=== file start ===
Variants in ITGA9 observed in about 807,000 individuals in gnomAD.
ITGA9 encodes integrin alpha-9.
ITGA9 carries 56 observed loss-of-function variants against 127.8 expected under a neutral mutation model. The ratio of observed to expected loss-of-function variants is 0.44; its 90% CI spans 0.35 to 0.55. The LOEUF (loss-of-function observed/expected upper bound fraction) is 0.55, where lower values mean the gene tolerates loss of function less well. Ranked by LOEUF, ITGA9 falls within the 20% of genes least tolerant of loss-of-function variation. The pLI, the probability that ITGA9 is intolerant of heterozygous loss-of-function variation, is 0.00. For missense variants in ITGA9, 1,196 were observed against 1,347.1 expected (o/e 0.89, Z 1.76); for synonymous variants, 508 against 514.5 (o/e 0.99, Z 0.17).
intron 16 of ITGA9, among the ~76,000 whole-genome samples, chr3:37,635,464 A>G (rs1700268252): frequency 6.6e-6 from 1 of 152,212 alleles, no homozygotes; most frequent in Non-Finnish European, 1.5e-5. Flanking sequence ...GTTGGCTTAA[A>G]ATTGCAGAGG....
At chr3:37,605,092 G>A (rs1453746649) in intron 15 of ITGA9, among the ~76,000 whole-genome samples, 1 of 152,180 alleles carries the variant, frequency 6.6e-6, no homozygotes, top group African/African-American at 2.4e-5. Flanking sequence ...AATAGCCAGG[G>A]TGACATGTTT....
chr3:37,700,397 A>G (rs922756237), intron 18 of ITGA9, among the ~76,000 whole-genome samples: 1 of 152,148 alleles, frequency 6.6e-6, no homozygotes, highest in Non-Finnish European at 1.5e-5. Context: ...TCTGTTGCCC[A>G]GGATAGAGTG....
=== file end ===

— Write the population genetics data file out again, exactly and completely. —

Variants in ITGA9 observed in about 807,000 individuals in gnomAD.
ITGA9 encodes integrin alpha-9.
ITGA9 carries 56 observed loss-of-function variants against 127.8 expected under a neutral mutation model. The ratio of observed to expected loss-of-function variants is 0.44; its 90% CI spans 0.35 to 0.55. The LOEUF (loss-of-function observed/expected upper bound fraction) is 0.55, where lower values mean the gene tolerates loss of function less well. Ranked by LOEUF, ITGA9 falls within the 20% of genes least tolerant of loss-of-function variation. The pLI, the probability that ITGA9 is intolerant of heterozygous loss-of-function variation, is 0.00. For missense variants in ITGA9, 1,196 were observed against 1,347.1 expected (o/e 0.89, Z 1.76); for synonymous variants, 508 against 514.5 (o/e 0.99, Z 0.17).
intron 16 of ITGA9, among the ~76,000 whole-genome samples, chr3:37,635,464 A>G (rs1700268252): frequency 6.6e-6 from 1 of 152,212 alleles, no homozygotes; most frequent in Non-Finnish European, 1.5e-5. Flanking sequence ...GTTGGCTTAA[A>G]ATTGCAGAGG....
At chr3:37,605,092 G>A (rs1453746649) in intron 15 of ITGA9, among the ~76,000 whole-genome samples, 1 of 152,180 alleles carries the variant, frequency 6.6e-6, no homozygotes, top group African/African-American at 2.4e-5. Flanking sequence ...AATAGCCAGG[G>A]TGACATGTTT....
chr3:37,700,397 A>G (rs922756237), intron 18 of ITGA9, among the ~76,000 whole-genome samples: 1 of 152,148 alleles, frequency 6.6e-6, no homozygotes, highest in Non-Finnish European at 1.5e-5. Context: ...TCTGTTGCCC[A>G]GGATAGAGTG....